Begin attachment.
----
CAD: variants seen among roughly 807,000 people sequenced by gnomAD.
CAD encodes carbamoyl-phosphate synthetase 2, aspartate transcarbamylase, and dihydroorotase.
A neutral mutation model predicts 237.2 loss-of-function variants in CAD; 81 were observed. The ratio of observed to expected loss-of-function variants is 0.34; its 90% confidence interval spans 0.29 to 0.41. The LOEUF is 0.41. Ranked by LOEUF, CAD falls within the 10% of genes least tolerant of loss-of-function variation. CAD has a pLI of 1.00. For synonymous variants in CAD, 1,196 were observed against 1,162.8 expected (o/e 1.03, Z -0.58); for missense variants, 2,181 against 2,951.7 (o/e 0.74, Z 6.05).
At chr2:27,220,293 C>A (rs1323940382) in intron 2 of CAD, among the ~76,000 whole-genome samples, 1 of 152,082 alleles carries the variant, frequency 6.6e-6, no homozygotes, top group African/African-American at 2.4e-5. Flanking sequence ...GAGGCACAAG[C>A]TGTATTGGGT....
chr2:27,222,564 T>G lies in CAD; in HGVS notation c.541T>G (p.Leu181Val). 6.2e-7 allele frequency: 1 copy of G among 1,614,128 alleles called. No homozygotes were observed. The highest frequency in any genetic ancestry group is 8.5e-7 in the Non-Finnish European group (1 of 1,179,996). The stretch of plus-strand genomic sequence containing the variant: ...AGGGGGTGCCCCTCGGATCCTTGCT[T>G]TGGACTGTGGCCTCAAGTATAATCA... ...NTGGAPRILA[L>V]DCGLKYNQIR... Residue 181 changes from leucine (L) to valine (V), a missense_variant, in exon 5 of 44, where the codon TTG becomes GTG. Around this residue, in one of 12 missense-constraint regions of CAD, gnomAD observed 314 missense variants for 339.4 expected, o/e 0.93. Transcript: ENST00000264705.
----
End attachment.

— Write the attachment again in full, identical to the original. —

CAD: variants seen among roughly 807,000 people sequenced by gnomAD.
CAD encodes carbamoyl-phosphate synthetase 2, aspartate transcarbamylase, and dihydroorotase.
A neutral mutation model predicts 237.2 loss-of-function variants in CAD; 81 were observed. The ratio of observed to expected loss-of-function variants is 0.34; its 90% confidence interval spans 0.29 to 0.41. The LOEUF is 0.41. Ranked by LOEUF, CAD falls within the 10% of genes least tolerant of loss-of-function variation. CAD has a pLI of 1.00. For synonymous variants in CAD, 1,196 were observed against 1,162.8 expected (o/e 1.03, Z -0.58); for missense variants, 2,181 against 2,951.7 (o/e 0.74, Z 6.05).
At chr2:27,220,293 C>A (rs1323940382) in intron 2 of CAD, among the ~76,000 whole-genome samples, 1 of 152,082 alleles carries the variant, frequency 6.6e-6, no homozygotes, top group African/African-American at 2.4e-5. Flanking sequence ...GAGGCACAAG[C>A]TGTATTGGGT....
chr2:27,222,564 T>G lies in CAD; in HGVS notation c.541T>G (p.Leu181Val). 6.2e-7 allele frequency: 1 copy of G among 1,614,128 alleles called. No homozygotes were observed. The highest frequency in any genetic ancestry group is 8.5e-7 in the Non-Finnish European group (1 of 1,179,996). The stretch of plus-strand genomic sequence containing the variant: ...AGGGGGTGCCCCTCGGATCCTTGCT[T>G]TGGACTGTGGCCTCAAGTATAATCA... ...NTGGAPRILA[L>V]DCGLKYNQIR... Residue 181 changes from leucine (L) to valine (V), a missense_variant, in exon 5 of 44, where the codon TTG becomes GTG. Around this residue, in one of 12 missense-constraint regions of CAD, gnomAD observed 314 missense variants for 339.4 expected, o/e 0.93. Transcript: ENST00000264705.